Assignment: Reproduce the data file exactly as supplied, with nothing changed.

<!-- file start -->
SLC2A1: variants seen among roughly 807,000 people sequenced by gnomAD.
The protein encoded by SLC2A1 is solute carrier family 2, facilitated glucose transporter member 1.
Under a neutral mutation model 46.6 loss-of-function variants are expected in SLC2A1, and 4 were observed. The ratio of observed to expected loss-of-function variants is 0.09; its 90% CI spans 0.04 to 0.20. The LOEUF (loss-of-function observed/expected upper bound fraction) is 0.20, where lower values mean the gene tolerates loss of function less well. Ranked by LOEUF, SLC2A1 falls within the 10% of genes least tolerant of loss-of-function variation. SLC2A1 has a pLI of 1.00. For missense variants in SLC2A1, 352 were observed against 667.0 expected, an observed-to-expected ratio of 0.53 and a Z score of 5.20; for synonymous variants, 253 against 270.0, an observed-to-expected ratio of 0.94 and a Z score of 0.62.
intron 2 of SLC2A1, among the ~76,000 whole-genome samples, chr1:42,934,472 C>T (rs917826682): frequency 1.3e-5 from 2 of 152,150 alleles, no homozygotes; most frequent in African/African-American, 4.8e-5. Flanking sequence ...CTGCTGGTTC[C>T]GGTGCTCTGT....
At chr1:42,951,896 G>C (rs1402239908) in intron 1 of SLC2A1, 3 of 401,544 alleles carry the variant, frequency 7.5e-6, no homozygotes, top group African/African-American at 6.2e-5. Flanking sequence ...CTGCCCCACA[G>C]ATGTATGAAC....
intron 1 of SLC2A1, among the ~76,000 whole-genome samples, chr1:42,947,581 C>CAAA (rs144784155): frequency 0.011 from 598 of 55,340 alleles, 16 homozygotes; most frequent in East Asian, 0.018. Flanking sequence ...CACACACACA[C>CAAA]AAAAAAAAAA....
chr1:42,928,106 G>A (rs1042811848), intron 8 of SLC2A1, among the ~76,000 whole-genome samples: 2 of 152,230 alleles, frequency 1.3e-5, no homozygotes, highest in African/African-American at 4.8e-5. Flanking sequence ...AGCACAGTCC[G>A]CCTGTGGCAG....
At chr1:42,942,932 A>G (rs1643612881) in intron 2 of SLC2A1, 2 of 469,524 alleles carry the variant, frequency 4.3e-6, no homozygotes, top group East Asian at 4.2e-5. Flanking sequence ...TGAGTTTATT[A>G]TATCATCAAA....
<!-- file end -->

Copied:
SLC2A1: variants seen among roughly 807,000 people sequenced by gnomAD.
The protein encoded by SLC2A1 is solute carrier family 2, facilitated glucose transporter member 1.
Under a neutral mutation model 46.6 loss-of-function variants are expected in SLC2A1, and 4 were observed. The ratio of observed to expected loss-of-function variants is 0.09; its 90% CI spans 0.04 to 0.20. The LOEUF (loss-of-function observed/expected upper bound fraction) is 0.20, where lower values mean the gene tolerates loss of function less well. Ranked by LOEUF, SLC2A1 falls within the 10% of genes least tolerant of loss-of-function variation. SLC2A1 has a pLI of 1.00. For missense variants in SLC2A1, 352 were observed against 667.0 expected, an observed-to-expected ratio of 0.53 and a Z score of 5.20; for synonymous variants, 253 against 270.0, an observed-to-expected ratio of 0.94 and a Z score of 0.62.
intron 2 of SLC2A1, among the ~76,000 whole-genome samples, chr1:42,934,472 C>T (rs917826682): frequency 1.3e-5 from 2 of 152,150 alleles, no homozygotes; most frequent in African/African-American, 4.8e-5. Flanking sequence ...CTGCTGGTTC[C>T]GGTGCTCTGT....
At chr1:42,951,896 G>C (rs1402239908) in intron 1 of SLC2A1, 3 of 401,544 alleles carry the variant, frequency 7.5e-6, no homozygotes, top group African/African-American at 6.2e-5. Flanking sequence ...CTGCCCCACA[G>C]ATGTATGAAC....
intron 1 of SLC2A1, among the ~76,000 whole-genome samples, chr1:42,947,581 C>CAAA (rs144784155): frequency 0.011 from 598 of 55,340 alleles, 16 homozygotes; most frequent in East Asian, 0.018. Flanking sequence ...CACACACACA[C>CAAA]AAAAAAAAAA....
chr1:42,928,106 G>A (rs1042811848), intron 8 of SLC2A1, among the ~76,000 whole-genome samples: 2 of 152,230 alleles, frequency 1.3e-5, no homozygotes, highest in African/African-American at 4.8e-5. Flanking sequence ...AGCACAGTCC[G>A]CCTGTGGCAG....
At chr1:42,942,932 A>G (rs1643612881) in intron 2 of SLC2A1, 2 of 469,524 alleles carry the variant, frequency 4.3e-6, no homozygotes, top group East Asian at 4.2e-5. Flanking sequence ...TGAGTTTATT[A>G]TATCATCAAA....